5 Ways to Clear a Blocked Drain (Without Calling a Plumber)
Blocked drains are one of the most common plumbing problems. But they are more than just a mere inconvenience. Blocked drains can lead to serious and expensive damage to plumbing, as well as unsanitary conditions and health risks and costly water damage to home structures and furnishings.
There are a number of common causes of blocked drains including a buildup of hair, a buildup of fat and oil, using too much toilet paper, flushing foreign objects (basically anything other than human waste and toilet paper), broken pipes or an infestation of roots.
Block drains don’t necessarily mean overflowing water. Signs of blocked drains include slow draining, bubbling or gurgling sounds, higher water levels in the toilet than usual and bad smells coming from the drains. Any of these could be a sign that a blockage is starting to develop. And since blocked drains rarely clear themselves, if you notice any of these signs it’s worth getting onto the problem before it gets any worse.
Before you call a plumber, it’s worth trying these simple DIY solutions to your blocked drains.
- Use a plunger
A plunger is a simple way to deal with blocked sinks, showers, bathtubs and toilets. Plungers work by using the forces of compression and suction to loosen and dislodge a blockage.
Simply form a tight seal around the drain with the head of the plunger and pump the plunger up and down. The upstroke will pull the water in the drain upwards while the downstroke will force it downwards. The movement of water combined with the shift in air pressure can help to dislodge the blockage and get the water flowing again.
There are two common types of household plungers: cup plungers and toilet plungers. Cup plungers are used for sinks, showers and bathtubs, whereas toilet plungers, as the name suggests, are designed for toilets.
- Dish detergent
Using dish detergent is another simple solution for blocked or slow draining sinks, showers or toilets. Dish detergent can help to break down the fatty and oily residue that binds together common blockages. It can also help to lubricate the pipes to allow the blockages to more easily pass through.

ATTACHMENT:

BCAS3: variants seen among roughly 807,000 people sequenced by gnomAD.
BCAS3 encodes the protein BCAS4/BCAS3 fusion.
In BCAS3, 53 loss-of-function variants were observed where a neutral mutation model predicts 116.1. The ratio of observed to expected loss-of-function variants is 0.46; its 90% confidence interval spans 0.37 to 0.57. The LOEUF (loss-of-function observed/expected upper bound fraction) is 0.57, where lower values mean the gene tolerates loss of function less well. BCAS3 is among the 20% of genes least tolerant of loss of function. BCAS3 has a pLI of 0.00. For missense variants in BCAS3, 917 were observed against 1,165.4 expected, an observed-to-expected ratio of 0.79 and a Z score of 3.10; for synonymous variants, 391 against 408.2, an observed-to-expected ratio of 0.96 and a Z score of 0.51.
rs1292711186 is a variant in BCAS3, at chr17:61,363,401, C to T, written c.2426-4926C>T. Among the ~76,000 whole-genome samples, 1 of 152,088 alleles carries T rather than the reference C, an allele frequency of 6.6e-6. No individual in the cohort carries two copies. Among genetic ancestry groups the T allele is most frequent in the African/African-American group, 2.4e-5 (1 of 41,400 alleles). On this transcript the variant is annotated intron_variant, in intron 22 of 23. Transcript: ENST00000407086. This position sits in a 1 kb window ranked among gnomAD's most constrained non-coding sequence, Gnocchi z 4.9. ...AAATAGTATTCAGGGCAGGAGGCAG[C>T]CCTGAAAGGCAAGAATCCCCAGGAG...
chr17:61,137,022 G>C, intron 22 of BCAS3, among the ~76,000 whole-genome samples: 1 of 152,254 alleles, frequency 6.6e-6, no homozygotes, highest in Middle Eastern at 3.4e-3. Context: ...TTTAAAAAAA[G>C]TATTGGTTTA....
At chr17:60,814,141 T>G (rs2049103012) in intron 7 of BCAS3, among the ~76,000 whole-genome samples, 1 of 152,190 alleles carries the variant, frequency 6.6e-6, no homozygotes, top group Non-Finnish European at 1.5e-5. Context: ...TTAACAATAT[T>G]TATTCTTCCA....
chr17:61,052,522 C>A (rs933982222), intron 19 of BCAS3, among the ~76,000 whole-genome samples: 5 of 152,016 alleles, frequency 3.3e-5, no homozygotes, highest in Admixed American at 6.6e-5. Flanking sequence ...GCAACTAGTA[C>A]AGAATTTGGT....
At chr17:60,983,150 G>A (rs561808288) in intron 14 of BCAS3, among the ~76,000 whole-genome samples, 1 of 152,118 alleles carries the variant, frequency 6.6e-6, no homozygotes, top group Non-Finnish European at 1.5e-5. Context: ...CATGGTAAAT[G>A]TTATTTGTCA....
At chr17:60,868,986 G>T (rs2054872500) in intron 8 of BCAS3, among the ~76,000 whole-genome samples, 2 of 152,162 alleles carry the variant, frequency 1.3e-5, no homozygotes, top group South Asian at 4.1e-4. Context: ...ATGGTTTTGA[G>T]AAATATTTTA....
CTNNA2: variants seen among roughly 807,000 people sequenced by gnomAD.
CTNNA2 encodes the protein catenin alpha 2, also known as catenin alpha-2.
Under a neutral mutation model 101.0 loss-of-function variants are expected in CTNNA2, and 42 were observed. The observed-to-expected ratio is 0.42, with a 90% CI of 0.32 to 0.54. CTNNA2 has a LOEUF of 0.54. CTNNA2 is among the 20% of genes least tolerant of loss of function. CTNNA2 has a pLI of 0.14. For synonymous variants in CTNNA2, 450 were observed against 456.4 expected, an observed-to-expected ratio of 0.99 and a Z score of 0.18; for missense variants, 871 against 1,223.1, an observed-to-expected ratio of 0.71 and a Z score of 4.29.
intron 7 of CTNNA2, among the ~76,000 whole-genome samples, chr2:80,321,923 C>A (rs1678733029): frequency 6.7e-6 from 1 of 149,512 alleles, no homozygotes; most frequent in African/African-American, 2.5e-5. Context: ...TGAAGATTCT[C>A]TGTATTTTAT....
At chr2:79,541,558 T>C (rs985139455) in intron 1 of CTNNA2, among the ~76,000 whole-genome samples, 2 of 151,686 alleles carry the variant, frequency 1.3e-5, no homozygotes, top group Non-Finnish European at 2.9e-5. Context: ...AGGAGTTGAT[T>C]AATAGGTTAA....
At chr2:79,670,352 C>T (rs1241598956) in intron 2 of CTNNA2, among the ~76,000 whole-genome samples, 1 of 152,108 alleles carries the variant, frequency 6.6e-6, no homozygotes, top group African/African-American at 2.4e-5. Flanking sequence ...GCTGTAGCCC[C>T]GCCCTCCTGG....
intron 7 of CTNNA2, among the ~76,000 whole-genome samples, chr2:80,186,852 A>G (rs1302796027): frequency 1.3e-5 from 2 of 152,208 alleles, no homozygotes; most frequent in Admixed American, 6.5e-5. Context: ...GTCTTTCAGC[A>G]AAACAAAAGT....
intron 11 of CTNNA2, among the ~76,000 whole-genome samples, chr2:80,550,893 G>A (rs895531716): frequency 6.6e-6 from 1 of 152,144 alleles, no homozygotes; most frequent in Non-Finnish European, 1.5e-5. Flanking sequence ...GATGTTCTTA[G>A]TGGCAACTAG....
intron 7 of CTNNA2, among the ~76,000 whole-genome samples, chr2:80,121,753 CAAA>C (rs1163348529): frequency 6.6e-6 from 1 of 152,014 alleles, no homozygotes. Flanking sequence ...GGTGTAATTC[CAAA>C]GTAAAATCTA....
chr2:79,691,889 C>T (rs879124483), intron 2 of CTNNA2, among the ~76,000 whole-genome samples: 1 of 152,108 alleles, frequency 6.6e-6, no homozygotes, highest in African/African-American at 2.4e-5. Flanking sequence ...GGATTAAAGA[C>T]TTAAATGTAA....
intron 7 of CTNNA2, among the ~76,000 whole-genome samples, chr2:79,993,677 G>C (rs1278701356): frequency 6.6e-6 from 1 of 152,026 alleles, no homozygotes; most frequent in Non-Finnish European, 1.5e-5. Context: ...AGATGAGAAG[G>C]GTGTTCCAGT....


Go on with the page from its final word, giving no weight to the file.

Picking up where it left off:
Simply pour a cup of detergent into the drain, followed by boiling water. You may need to use a plunger to help dislodge the blockage.
- Bent wire hanger
For minor blockages in kitchen or bathroom sinks, you may be able to dislodge or fish out the blockage with a bent wire hanger. In these sinks, the most common blockages are hair and loose debris that has been bound together by fat and soap scum.
To remove these blockages, simply straighten out a wire coat hanger and bend one end of the wire into a hook small enough to fit into the drain. Gently push this hook into the drain and manoeuvre it around in an attempt to hook the blockage. Avoid pushing the blockage further down into the drain.
- Use a drain cleaning solution
There are plenty of commercial drain cleaning solutions available. Some of these will be extremely caustic and contain harmful chemicals, so be careful. Some will also be designed for use on specific types of blockages, so be sure to read the label carefully before buying.
Many plumbers will recommend using commercial drain cleaners only once you’ve tried the other DIY methods due to the harsh chemical nature of these cleaners. It’s also worth noting that these drain cleaners are quite harmful to the environment.
Before using harsh chemical cleaners, it’s worth trying a homemade solution of baking soda, vinegar, and boiling water. Simply pour a cup of baking soda down the drain, followed by two cups of boiling water. Let it settle for a minute or two. Then add another cup of baking soda and a cup of white vinegar. Plug up the drain and leave it plugged until the fizzing and bubbling ceases. Pour another cup or two of boiling water down the drain to help flush the clog.
This is a simple and environmentally friendly way to remove minor blockages from sinks without the use of harsh chemicals.
- Clean the p-trap
If none of the above methods have worked, you may need to remove the p-trap and manually extract the blockage. The p-trap is the curved pipe that sits below the sink. It is designed to catch blockages before they get further into the plumbing system, as well as preventing gases or smells from the sewer system entering your home.
Removing and clearing the p-trap is simple and doesn’t require the help of a plumber. Simply place a bucket beneath the p-trap and unscrew the couplings that connect the pipe to the sink and to the outgoing pipes. Once the p-trap is removed, feed a length of wire through the curved pipe and clean out all the debris into the bucket. Once clean, reattach the p-trap to the sink and outgoing pipe and make sure you firmly tighten the couplings to prevent leaks.
If you’re seeing signs of slow drainage or bubbling or gurgling, it’s worth dealing with the problem rather than waiting until it inevitably gets worse. If none of the above suggestions helps, and the water levels are rising fast, then it may be time to call in an emergency plumber to take care of the situation.